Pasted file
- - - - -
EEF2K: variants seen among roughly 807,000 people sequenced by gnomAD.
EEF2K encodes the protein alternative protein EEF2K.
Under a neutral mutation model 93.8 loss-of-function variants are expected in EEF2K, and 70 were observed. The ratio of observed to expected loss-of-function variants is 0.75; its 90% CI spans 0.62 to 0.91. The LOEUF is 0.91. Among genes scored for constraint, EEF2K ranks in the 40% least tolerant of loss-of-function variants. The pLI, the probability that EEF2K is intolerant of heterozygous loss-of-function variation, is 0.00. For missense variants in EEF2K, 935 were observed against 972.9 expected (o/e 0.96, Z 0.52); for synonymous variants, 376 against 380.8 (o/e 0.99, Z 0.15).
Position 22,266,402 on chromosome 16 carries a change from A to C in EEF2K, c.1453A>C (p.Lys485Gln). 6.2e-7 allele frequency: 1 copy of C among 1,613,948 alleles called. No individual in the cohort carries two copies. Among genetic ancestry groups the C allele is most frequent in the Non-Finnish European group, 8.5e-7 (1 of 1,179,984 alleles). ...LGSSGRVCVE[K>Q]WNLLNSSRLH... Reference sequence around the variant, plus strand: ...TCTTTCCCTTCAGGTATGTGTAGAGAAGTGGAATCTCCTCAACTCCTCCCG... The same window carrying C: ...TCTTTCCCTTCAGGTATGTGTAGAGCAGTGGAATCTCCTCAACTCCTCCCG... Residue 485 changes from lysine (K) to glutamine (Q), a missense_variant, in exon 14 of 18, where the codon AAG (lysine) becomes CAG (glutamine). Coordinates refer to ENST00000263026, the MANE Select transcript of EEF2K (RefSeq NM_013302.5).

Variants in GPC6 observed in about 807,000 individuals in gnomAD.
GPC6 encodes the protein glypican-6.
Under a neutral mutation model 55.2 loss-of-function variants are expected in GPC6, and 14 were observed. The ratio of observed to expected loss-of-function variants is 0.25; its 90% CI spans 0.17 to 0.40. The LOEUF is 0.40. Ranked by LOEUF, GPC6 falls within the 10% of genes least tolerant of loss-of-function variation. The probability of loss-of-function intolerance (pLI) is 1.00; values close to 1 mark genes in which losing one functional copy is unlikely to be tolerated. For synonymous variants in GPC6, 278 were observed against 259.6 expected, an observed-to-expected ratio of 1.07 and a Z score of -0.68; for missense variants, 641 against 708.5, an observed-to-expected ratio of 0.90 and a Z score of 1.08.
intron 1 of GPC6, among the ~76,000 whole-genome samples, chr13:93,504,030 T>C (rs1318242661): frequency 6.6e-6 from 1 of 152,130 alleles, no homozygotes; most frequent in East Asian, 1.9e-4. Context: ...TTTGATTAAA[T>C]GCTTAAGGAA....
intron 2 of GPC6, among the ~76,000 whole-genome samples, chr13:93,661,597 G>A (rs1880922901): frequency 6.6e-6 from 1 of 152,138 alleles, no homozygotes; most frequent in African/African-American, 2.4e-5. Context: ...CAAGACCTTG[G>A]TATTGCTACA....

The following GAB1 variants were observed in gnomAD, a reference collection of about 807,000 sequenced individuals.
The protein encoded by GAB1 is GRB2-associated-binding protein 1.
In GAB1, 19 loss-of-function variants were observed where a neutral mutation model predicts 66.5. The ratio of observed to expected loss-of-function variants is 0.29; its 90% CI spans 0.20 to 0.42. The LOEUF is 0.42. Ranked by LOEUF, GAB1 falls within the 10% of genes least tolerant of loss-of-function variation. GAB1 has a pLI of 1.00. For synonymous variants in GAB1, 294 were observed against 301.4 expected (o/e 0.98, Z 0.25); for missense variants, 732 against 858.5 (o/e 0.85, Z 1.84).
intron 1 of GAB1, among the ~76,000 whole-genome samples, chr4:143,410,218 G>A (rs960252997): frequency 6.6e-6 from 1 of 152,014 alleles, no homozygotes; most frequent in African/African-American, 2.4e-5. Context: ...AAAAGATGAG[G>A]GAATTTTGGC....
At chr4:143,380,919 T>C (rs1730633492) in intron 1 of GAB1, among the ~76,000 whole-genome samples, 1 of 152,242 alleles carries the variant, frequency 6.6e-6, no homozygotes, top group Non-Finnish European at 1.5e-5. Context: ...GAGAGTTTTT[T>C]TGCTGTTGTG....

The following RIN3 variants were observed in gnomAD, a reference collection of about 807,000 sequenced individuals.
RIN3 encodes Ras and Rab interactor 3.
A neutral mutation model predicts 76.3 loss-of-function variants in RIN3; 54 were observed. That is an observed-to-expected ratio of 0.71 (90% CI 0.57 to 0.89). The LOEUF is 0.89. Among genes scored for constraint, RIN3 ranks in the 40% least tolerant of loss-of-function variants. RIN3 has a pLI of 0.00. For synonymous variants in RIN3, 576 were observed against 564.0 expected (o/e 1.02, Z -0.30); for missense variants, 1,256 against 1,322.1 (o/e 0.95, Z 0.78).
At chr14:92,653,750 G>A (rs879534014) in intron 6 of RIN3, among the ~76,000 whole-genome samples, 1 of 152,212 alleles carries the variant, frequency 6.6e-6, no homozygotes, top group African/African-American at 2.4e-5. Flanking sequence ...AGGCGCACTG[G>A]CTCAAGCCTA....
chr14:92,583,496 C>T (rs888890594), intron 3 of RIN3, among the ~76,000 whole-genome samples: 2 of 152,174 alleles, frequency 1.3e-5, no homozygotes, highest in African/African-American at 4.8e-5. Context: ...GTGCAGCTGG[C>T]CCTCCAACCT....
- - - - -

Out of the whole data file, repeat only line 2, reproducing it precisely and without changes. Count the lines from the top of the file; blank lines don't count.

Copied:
EEF2K encodes the protein alternative protein EEF2K.